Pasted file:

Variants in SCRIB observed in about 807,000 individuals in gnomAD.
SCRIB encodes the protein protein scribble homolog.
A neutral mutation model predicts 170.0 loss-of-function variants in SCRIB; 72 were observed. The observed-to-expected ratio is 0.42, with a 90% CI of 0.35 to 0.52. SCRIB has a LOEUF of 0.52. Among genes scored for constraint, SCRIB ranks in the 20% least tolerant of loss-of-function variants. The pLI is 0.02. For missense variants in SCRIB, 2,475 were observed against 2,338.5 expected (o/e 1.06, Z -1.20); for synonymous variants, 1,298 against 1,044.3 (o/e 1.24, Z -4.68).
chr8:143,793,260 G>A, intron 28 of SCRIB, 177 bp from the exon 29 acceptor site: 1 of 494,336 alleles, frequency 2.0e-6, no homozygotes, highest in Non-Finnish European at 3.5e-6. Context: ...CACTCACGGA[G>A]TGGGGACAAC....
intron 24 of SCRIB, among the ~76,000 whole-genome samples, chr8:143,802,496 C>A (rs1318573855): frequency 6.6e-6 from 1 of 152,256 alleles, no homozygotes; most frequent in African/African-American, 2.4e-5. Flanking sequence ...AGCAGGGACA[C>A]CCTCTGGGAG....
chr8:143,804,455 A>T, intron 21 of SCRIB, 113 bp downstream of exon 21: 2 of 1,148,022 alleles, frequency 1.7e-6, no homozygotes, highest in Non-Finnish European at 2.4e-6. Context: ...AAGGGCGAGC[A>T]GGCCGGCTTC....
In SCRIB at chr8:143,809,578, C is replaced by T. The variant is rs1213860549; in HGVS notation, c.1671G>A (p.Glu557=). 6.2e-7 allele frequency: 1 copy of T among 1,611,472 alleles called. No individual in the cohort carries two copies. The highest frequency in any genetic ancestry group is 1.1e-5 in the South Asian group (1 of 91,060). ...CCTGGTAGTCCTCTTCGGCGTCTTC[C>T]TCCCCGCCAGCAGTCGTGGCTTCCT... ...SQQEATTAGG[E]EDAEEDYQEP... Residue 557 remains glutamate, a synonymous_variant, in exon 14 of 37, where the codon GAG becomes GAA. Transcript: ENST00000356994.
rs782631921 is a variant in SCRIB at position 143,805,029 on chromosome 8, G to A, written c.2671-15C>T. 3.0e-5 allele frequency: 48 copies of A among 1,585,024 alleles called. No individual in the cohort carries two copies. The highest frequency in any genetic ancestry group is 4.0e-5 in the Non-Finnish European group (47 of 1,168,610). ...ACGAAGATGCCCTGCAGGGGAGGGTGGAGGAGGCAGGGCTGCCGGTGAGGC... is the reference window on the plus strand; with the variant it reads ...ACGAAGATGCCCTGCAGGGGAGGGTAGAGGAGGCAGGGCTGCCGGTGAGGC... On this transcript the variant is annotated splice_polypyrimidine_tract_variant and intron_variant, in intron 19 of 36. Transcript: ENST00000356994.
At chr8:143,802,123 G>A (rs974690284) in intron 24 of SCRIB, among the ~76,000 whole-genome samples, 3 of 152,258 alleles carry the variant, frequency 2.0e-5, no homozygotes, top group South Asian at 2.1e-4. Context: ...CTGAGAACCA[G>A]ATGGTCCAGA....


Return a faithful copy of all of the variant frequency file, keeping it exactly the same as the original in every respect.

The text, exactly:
Variants in SCRIB observed in about 807,000 individuals in gnomAD.
SCRIB encodes the protein protein scribble homolog.
A neutral mutation model predicts 170.0 loss-of-function variants in SCRIB; 72 were observed. The observed-to-expected ratio is 0.42, with a 90% CI of 0.35 to 0.52. SCRIB has a LOEUF of 0.52. Among genes scored for constraint, SCRIB ranks in the 20% least tolerant of loss-of-function variants. The pLI is 0.02. For missense variants in SCRIB, 2,475 were observed against 2,338.5 expected (o/e 1.06, Z -1.20); for synonymous variants, 1,298 against 1,044.3 (o/e 1.24, Z -4.68).
chr8:143,793,260 G>A, intron 28 of SCRIB, 177 bp from the exon 29 acceptor site: 1 of 494,336 alleles, frequency 2.0e-6, no homozygotes, highest in Non-Finnish European at 3.5e-6. Context: ...CACTCACGGA[G>A]TGGGGACAAC....
intron 24 of SCRIB, among the ~76,000 whole-genome samples, chr8:143,802,496 C>A (rs1318573855): frequency 6.6e-6 from 1 of 152,256 alleles, no homozygotes; most frequent in African/African-American, 2.4e-5. Flanking sequence ...AGCAGGGACA[C>A]CCTCTGGGAG....
chr8:143,804,455 A>T, intron 21 of SCRIB, 113 bp downstream of exon 21: 2 of 1,148,022 alleles, frequency 1.7e-6, no homozygotes, highest in Non-Finnish European at 2.4e-6. Context: ...AAGGGCGAGC[A>T]GGCCGGCTTC....
In SCRIB at chr8:143,809,578, C is replaced by T. The variant is rs1213860549; in HGVS notation, c.1671G>A (p.Glu557=). 6.2e-7 allele frequency: 1 copy of T among 1,611,472 alleles called. No individual in the cohort carries two copies. The highest frequency in any genetic ancestry group is 1.1e-5 in the South Asian group (1 of 91,060). ...CCTGGTAGTCCTCTTCGGCGTCTTC[C>T]TCCCCGCCAGCAGTCGTGGCTTCCT... ...SQQEATTAGG[E]EDAEEDYQEP... Residue 557 remains glutamate, a synonymous_variant, in exon 14 of 37, where the codon GAG becomes GAA. Transcript: ENST00000356994.
rs782631921 is a variant in SCRIB at position 143,805,029 on chromosome 8, G to A, written c.2671-15C>T. 3.0e-5 allele frequency: 48 copies of A among 1,585,024 alleles called. No individual in the cohort carries two copies. The highest frequency in any genetic ancestry group is 4.0e-5 in the Non-Finnish European group (47 of 1,168,610). ...ACGAAGATGCCCTGCAGGGGAGGGTGGAGGAGGCAGGGCTGCCGGTGAGGC... is the reference window on the plus strand; with the variant it reads ...ACGAAGATGCCCTGCAGGGGAGGGTAGAGGAGGCAGGGCTGCCGGTGAGGC... On this transcript the variant is annotated splice_polypyrimidine_tract_variant and intron_variant, in intron 19 of 36. Transcript: ENST00000356994.
At chr8:143,802,123 G>A (rs974690284) in intron 24 of SCRIB, among the ~76,000 whole-genome samples, 3 of 152,258 alleles carry the variant, frequency 2.0e-5, no homozygotes, top group South Asian at 2.1e-4. Context: ...CTGAGAACCA[G>A]ATGGTCCAGA....